Now you mention the ownership of a 16 core 32 thread processor, that is great for Cycles rendering with the RAM amount it can access, but that kind of processor is still a bit of a niche since the vast majority of tasks cannot use that many cores effectively (even in cases where it looks like it is at full load because of the cores interfering with each other and slowing everything down). If you are dependent enough on rendering performance to justify the extra cost then that is fine, but for others sticking with 8 cores and 16 threads may be ideal, especially with the fact that performance improvements these days has become heavily dependent on updating hardware designs to handle increased wattage and heat output.

To note, a good example of less cores used is better is Geometry Nodes, there was recently an addition to Blender’s own BLI multithreading library that allows the capping of how many cores can work on a certain task (which believe it or not means faster evaluation of a tree than simply throwing all the cores at it).

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For general Geometry nodes I suspect it’s not really an option, for the reasons stated.

For physics on the other hand and in turn one assumes simulation, it maybe a different story.

As you already pointed too, particle physics systems for stuff like fire/smoke and liquid can totally be GPU accelerated (to the point of real-time). Not just in the case of Blender, but things like EmberGen, etc.

I’m less sure about physics simulation for stuff like Cloth or Hair. I mean fully realistic, whole character, real-time cloth and hair sim would be amazing, but since at this stage I don’t even think Blender has a plan/design for a updated cloth/hair system and no one else seems to want to make an addon for such (GPU accelerated or otherwise), I have doubts we will ever find out.

I think this makes most sense in the context of baking, say, a particle simulation, where you’d need a single round trip to and from the GPU?

I think it’s worth considering Houdini and how they faced the same issue. This post is from 2012, but things have not changed much as of now. Specifically:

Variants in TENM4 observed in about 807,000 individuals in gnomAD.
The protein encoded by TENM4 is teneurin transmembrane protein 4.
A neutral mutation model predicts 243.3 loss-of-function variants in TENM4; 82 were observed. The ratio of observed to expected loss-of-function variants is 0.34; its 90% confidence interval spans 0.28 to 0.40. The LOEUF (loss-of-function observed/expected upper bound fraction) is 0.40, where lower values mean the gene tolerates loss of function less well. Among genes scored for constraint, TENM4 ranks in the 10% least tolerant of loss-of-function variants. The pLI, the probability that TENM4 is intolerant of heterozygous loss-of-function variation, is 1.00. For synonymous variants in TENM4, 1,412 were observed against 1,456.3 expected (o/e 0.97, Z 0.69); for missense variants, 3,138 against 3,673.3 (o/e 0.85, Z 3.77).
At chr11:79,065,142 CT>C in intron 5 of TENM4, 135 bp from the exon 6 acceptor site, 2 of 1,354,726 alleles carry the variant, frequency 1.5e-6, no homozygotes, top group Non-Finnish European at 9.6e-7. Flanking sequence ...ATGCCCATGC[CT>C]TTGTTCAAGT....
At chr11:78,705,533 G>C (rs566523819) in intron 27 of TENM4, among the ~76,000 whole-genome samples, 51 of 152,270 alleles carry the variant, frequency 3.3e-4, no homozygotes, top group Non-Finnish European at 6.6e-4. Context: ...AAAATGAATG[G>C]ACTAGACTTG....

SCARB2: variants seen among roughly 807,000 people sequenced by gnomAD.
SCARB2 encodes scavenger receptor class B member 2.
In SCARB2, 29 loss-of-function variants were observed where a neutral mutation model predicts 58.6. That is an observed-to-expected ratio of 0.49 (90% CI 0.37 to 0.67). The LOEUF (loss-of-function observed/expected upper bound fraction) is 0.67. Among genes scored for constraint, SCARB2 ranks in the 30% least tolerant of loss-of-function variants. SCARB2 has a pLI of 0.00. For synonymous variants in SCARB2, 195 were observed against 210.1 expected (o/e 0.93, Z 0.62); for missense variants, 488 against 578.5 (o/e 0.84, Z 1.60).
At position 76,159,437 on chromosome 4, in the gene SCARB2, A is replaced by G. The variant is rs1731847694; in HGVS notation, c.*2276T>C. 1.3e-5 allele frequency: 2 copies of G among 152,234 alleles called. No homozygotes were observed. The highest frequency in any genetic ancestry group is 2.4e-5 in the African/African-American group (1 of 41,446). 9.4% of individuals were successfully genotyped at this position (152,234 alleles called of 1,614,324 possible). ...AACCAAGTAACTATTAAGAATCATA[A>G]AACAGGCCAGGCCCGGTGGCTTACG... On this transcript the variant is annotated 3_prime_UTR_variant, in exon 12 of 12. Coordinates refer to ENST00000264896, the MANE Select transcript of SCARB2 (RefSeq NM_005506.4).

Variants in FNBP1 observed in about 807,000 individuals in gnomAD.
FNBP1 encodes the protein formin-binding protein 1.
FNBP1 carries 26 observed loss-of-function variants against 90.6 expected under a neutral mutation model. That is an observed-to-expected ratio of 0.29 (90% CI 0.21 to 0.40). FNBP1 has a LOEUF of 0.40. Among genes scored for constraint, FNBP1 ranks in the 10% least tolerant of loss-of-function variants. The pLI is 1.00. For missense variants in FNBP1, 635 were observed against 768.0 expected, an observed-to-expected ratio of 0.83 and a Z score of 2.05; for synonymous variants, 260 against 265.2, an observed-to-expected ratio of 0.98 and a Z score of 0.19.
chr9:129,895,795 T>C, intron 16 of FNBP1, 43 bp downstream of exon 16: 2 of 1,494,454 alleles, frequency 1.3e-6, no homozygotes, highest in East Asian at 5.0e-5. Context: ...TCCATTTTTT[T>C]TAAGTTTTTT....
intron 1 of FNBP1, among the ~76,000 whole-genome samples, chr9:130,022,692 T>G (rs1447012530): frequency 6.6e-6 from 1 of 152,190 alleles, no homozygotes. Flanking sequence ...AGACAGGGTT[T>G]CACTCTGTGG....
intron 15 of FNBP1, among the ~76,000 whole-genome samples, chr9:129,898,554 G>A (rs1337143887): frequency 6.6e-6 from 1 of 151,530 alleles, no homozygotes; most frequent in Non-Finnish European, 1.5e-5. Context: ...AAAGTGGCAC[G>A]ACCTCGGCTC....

Fastest GPU speeds are achieved by avoiding any copying to and from the CPU memory. Well, you can’t have zero copying, or you have nothing useful, but you want to minimize the transfer. This is why the attached file:

  1. Turns off DOPs caching. Caching requires copying from GPU to CPU all the fields every frame. Very useful if you want to scrub and inspect random fields, not so useful if you want maximum speed.
  2. Only imports density to SOPs. Only one field needs to be pulled from the GPU to CPU each frame.
  3. Saves to disk in background. This gives you the best throughput. Displaying in the viewport requires a GPU → CPU → GPU round trip. (Yes, ugly, but likely required in general to support simming on a card other than your display card)
  4. Uses a plain smokesolver. All the code paths being used after the first frame sourcing are GPU enabled. If you add a microsolver that isn’t GPU enabled, there is no error. Instead Houdini just silently does the GPU->CPU transfer for you.


While we regret that the “Use OpenCL” toggle isn’t at turn key “Make things blazingly fast” toggle, we do stand by the significant improvements you can realize if you optimize your scene around the GPU.

More solvers have the options of using GPU now, but the points raised there stand still now.


  • transferring between CPU and GPU is the bottleneck
  • you can rely exclusively on GPU (Embergen), but you have to build your whole architecture around it and you might run into hardware limitations with complex simulations, given how memory limited GPU are. If these limitations are not a problem for you, it can be potentially fantastically fast (Embergen is magic).
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I’ve been using Ansys Discovery in engineering for a while and it uses the GPU for fluid simulation, so it is definitely possible but I’m sure not easy as they’ve been working on it for years.

It is however, absolutely astounding and one of my very favourite things to use. Sure would be nice to see fluid and particle sims GPU accelerated in Blender, that’s one of the best applications. I’m sure it takes a massive effort but hopefully one day…